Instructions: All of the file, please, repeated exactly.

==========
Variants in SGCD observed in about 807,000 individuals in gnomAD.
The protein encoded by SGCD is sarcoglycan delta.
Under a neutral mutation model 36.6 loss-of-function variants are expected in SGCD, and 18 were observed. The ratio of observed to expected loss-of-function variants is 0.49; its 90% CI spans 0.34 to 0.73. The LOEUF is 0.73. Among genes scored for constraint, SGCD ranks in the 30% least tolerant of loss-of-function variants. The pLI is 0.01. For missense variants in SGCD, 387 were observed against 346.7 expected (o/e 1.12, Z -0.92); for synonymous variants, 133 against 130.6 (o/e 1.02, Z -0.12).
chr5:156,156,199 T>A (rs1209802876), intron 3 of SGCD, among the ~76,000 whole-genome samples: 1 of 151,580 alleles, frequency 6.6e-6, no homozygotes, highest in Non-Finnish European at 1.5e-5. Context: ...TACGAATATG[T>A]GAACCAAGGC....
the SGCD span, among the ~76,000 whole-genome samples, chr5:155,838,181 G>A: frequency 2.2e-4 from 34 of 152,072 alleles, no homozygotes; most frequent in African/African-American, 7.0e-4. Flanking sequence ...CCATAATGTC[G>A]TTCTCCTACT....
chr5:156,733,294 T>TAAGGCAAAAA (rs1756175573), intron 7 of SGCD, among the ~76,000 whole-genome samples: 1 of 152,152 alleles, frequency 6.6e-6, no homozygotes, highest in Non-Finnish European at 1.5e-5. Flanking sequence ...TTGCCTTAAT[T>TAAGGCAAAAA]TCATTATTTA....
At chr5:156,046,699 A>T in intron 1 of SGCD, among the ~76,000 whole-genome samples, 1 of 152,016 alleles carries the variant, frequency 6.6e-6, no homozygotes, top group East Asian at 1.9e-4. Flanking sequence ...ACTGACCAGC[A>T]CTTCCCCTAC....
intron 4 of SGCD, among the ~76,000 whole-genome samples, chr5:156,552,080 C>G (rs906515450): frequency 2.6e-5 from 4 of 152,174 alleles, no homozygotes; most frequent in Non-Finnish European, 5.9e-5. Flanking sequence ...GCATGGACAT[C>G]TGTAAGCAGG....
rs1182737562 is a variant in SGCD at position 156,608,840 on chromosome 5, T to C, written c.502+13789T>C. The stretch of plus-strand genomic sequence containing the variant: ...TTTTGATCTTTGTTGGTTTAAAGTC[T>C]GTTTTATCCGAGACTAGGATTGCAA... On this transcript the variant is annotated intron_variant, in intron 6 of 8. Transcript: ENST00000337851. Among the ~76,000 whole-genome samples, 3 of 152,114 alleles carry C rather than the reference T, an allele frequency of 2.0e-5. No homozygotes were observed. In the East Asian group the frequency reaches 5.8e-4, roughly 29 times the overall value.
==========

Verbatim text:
Variants in SGCD observed in about 807,000 individuals in gnomAD.
The protein encoded by SGCD is sarcoglycan delta.
Under a neutral mutation model 36.6 loss-of-function variants are expected in SGCD, and 18 were observed. The ratio of observed to expected loss-of-function variants is 0.49; its 90% CI spans 0.34 to 0.73. The LOEUF is 0.73. Among genes scored for constraint, SGCD ranks in the 30% least tolerant of loss-of-function variants. The pLI is 0.01. For missense variants in SGCD, 387 were observed against 346.7 expected (o/e 1.12, Z -0.92); for synonymous variants, 133 against 130.6 (o/e 1.02, Z -0.12).
chr5:156,156,199 T>A (rs1209802876), intron 3 of SGCD, among the ~76,000 whole-genome samples: 1 of 151,580 alleles, frequency 6.6e-6, no homozygotes, highest in Non-Finnish European at 1.5e-5. Context: ...TACGAATATG[T>A]GAACCAAGGC....
the SGCD span, among the ~76,000 whole-genome samples, chr5:155,838,181 G>A: frequency 2.2e-4 from 34 of 152,072 alleles, no homozygotes; most frequent in African/African-American, 7.0e-4. Flanking sequence ...CCATAATGTC[G>A]TTCTCCTACT....
chr5:156,733,294 T>TAAGGCAAAAA (rs1756175573), intron 7 of SGCD, among the ~76,000 whole-genome samples: 1 of 152,152 alleles, frequency 6.6e-6, no homozygotes, highest in Non-Finnish European at 1.5e-5. Flanking sequence ...TTGCCTTAAT[T>TAAGGCAAAAA]TCATTATTTA....
At chr5:156,046,699 A>T in intron 1 of SGCD, among the ~76,000 whole-genome samples, 1 of 152,016 alleles carries the variant, frequency 6.6e-6, no homozygotes, top group East Asian at 1.9e-4. Flanking sequence ...ACTGACCAGC[A>T]CTTCCCCTAC....
intron 4 of SGCD, among the ~76,000 whole-genome samples, chr5:156,552,080 C>G (rs906515450): frequency 2.6e-5 from 4 of 152,174 alleles, no homozygotes; most frequent in Non-Finnish European, 5.9e-5. Flanking sequence ...GCATGGACAT[C>G]TGTAAGCAGG....
rs1182737562 is a variant in SGCD at position 156,608,840 on chromosome 5, T to C, written c.502+13789T>C. The stretch of plus-strand genomic sequence containing the variant: ...TTTTGATCTTTGTTGGTTTAAAGTC[T>C]GTTTTATCCGAGACTAGGATTGCAA... On this transcript the variant is annotated intron_variant, in intron 6 of 8. Transcript: ENST00000337851. Among the ~76,000 whole-genome samples, 3 of 152,114 alleles carry C rather than the reference T, an allele frequency of 2.0e-5. No homozygotes were observed. In the East Asian group the frequency reaches 5.8e-4, roughly 29 times the overall value.